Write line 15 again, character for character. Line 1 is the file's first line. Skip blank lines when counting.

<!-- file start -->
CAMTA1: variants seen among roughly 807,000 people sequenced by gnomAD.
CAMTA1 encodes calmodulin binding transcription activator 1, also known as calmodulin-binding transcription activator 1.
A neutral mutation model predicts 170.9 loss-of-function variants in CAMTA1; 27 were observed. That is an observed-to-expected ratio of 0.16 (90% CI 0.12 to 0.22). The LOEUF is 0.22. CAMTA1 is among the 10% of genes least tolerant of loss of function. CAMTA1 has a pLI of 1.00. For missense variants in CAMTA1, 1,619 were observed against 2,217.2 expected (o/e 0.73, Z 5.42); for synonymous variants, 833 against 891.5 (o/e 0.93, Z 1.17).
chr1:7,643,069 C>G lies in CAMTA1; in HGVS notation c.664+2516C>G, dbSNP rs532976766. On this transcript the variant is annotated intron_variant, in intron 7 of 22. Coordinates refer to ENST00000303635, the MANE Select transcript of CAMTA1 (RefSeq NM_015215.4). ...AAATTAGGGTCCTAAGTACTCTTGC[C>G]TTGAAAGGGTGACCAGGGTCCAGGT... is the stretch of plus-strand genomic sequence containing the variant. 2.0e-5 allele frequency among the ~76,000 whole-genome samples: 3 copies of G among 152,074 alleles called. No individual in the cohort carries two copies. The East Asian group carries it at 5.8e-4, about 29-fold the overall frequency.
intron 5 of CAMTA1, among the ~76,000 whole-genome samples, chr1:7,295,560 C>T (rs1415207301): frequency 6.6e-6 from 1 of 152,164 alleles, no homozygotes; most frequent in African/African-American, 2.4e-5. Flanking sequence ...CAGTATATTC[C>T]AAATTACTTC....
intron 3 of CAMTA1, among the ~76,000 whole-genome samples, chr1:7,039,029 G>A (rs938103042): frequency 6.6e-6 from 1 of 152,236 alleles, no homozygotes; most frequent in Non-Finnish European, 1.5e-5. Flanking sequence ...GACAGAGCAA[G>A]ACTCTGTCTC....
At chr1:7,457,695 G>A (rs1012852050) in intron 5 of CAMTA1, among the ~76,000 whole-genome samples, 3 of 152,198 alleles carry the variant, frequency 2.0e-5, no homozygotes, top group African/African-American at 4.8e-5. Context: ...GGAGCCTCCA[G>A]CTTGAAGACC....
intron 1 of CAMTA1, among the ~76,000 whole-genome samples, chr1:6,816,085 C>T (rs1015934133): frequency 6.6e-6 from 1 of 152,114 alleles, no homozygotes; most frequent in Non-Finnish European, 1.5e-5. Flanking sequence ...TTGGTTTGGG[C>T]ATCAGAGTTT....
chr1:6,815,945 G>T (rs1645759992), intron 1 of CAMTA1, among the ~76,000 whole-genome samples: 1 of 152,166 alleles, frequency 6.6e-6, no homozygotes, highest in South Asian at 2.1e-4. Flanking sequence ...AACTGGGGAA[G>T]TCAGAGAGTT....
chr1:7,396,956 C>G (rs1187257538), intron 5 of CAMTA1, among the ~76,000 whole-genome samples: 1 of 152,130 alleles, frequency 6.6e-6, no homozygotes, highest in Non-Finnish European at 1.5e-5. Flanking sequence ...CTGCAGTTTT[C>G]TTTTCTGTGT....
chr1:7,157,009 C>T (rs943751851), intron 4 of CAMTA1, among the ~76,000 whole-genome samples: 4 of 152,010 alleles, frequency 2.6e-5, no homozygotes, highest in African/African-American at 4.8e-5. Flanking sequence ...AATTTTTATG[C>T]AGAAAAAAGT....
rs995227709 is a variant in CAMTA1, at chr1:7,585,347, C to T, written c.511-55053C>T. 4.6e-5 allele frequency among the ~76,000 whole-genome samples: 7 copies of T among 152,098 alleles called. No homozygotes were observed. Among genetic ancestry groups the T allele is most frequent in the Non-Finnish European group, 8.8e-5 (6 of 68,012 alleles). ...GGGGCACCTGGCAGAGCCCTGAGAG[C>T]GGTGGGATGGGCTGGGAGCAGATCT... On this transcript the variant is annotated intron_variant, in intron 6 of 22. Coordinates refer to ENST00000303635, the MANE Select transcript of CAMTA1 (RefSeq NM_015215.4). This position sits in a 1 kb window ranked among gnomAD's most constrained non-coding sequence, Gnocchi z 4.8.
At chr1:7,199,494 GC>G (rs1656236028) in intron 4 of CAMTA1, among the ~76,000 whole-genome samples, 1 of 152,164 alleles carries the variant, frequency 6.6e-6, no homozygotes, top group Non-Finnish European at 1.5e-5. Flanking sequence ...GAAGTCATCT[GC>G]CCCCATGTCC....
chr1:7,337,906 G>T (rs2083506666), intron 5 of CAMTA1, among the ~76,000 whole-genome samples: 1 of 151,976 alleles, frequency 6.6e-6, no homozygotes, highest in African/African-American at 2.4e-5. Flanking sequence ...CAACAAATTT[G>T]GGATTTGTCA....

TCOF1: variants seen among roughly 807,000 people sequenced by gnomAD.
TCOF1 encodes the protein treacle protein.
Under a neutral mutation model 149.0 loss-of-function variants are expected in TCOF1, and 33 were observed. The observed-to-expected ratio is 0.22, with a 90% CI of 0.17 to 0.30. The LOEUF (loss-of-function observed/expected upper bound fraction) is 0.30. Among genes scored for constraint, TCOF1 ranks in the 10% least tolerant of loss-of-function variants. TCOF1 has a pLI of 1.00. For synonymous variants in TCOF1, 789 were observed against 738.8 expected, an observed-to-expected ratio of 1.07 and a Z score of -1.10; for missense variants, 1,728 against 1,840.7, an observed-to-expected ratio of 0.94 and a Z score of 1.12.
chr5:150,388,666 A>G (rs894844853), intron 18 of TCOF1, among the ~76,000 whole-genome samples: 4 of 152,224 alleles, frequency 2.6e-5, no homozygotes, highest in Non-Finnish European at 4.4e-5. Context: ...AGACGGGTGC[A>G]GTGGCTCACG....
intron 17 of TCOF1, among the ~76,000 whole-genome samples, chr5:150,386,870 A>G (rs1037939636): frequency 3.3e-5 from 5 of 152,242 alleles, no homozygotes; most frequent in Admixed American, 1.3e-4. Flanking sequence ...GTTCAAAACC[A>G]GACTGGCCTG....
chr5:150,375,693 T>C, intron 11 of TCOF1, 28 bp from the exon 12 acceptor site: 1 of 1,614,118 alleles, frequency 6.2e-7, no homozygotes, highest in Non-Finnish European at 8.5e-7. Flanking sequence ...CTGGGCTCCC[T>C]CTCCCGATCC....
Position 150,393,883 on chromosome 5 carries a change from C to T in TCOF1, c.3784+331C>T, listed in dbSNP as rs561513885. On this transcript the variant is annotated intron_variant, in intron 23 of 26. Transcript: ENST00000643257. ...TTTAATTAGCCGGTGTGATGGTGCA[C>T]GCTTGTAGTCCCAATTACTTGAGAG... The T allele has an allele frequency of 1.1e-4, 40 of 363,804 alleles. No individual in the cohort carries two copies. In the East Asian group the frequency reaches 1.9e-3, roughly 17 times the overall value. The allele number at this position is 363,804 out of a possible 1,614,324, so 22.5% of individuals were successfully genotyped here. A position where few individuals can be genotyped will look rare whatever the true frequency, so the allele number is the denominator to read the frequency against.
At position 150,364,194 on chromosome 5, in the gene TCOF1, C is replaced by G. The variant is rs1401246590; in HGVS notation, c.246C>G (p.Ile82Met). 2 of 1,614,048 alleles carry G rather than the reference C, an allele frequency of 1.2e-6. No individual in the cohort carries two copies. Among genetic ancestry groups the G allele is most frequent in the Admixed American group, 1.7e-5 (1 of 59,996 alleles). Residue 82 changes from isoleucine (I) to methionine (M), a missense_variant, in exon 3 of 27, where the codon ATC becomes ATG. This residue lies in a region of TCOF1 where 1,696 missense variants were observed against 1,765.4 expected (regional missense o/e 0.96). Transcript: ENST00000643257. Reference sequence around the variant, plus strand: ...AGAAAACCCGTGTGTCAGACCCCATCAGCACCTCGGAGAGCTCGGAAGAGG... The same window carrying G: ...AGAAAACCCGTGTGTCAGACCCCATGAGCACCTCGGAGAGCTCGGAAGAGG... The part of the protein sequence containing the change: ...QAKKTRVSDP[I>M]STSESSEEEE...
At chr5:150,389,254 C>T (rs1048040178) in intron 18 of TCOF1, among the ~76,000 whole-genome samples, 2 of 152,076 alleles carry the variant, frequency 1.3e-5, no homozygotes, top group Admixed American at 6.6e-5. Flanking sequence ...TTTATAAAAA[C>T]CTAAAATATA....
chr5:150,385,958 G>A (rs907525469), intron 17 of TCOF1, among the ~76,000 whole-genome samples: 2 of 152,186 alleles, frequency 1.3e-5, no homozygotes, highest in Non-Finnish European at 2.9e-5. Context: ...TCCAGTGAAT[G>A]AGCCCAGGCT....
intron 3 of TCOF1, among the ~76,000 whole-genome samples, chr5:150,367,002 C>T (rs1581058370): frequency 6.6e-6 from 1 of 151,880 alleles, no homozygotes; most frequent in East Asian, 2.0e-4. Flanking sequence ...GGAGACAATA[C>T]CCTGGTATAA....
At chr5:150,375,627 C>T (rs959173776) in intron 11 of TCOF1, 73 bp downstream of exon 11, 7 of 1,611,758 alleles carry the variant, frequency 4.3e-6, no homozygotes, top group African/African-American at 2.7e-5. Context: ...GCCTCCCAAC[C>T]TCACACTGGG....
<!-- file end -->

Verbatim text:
TCOF1: variants seen among roughly 807,000 people sequenced by gnomAD.